OK, you’ve spent a lot of time telling me how hard it all is. Poor you. What’s the best diet then?

Well, the UK Government and World Health Organisation recommends a diet based around vegetables, fruit and wholegrain carbohydrates, with smaller amounts of protein foods like pulses, meat, fish, eggs and some dairy foods as well as foods that are high in healthy fats like oily fish (salmon, mackerel, sardines, trout), nuts, seeds. They advise eating only small amounts of processed meat (like sausages, ham or bacon), foods high in sugar, foods high in saturated fat like butter, cheese or fatty meat, or highly processed foods.

These recommendations are much maligned in the press by some groups who associate all carbohydrate foods (including wholegrains and fruit) with ill health. We can all agree that eating too much sugar and potentially highly refined carbohydrate foods like white bread or white rice is probably not ideal for health but wholegrains (brown rice, wholemeal pasta and other relatively unprocessed grains) are a fantastic source of many essential nutrients like fibre and B-vitamins. I wouldn’t cut them out lightly. Plus, I love bread and baked potatoes.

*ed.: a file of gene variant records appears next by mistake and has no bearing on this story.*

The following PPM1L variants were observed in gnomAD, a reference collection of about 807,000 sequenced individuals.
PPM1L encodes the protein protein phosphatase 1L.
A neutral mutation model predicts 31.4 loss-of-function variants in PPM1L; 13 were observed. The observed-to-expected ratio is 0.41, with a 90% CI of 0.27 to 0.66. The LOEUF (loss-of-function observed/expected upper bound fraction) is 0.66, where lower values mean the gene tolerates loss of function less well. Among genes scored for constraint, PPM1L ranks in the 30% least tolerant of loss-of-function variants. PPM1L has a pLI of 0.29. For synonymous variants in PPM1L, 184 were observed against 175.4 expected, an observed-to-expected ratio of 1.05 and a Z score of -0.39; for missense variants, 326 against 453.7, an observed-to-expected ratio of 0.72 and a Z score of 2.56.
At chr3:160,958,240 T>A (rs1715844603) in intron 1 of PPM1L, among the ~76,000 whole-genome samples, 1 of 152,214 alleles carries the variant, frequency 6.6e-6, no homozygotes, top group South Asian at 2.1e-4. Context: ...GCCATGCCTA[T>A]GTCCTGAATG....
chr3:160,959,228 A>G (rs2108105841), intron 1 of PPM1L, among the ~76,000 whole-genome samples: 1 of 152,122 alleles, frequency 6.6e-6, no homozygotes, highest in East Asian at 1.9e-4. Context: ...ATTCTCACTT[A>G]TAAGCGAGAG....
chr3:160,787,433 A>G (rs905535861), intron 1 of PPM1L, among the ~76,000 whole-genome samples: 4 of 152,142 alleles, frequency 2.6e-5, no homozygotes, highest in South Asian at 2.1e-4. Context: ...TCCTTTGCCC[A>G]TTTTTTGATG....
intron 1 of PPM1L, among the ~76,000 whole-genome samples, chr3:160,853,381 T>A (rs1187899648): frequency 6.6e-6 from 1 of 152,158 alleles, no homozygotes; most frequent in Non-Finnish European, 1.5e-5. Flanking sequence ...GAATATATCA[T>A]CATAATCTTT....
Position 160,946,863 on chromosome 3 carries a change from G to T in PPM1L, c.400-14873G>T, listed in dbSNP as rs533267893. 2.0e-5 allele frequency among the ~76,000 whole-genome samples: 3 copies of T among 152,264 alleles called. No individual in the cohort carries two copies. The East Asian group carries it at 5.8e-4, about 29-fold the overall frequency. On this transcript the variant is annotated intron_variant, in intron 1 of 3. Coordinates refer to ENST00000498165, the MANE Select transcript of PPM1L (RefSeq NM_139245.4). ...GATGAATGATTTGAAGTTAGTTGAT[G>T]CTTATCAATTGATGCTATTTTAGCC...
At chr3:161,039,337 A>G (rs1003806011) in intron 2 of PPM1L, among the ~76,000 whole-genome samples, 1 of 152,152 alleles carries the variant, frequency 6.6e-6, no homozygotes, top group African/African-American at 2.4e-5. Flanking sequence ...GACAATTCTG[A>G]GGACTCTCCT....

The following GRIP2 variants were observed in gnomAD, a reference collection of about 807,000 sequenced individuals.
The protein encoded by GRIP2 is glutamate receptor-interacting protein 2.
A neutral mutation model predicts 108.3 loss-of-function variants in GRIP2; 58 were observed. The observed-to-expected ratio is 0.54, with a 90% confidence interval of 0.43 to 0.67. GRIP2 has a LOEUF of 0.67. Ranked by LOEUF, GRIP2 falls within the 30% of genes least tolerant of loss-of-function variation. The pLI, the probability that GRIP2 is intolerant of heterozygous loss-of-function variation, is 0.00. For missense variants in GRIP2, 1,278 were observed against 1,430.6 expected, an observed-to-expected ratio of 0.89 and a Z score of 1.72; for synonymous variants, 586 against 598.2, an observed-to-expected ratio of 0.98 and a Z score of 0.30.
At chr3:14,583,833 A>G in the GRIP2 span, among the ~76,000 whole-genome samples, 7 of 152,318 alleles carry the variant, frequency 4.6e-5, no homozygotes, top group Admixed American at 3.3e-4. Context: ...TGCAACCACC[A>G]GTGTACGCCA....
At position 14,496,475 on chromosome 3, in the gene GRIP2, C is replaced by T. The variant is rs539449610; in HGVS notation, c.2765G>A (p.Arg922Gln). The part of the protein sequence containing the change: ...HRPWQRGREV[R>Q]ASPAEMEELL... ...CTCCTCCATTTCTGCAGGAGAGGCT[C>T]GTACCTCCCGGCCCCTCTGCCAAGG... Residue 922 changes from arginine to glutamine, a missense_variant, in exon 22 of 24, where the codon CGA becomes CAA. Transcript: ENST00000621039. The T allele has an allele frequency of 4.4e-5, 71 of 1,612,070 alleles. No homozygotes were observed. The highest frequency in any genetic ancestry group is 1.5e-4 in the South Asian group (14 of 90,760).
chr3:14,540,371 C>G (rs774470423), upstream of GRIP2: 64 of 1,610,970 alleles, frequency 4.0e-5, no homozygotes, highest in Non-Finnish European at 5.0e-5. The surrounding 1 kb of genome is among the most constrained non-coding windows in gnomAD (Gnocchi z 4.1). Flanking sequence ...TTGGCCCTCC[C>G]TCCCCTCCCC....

Now, while it’s true that low carb diets may be effective for weight loss and are a potential line of management for type 2 diabetics, cutting out carbs is not to be undertaken without some thought as to where you’re going to find all those nutrients you’re missing out on and what you replace the carbs with. If you replace them with lots of high fat foods, you’re going to end up eating more calories and could then put on weight, which again, may have its own health implications.

What do the healthiest people in the world eat?

OK, out of all the ways of eating in all the studies we’ve done so far (I say all, I haven’t read them all but I’ve read a lot of reviews!) we can pull out some common themes:

  • Plant-based foods are the main focus (whether whole fruit and veg, wholegrains, pulses)
  • Most foods are relatively natural, whole and minimally processed
  • Sugar and refined starches are limited
  • Some fats are limited (always trans fats and, depending on the study, either saturated or omega 6 fats)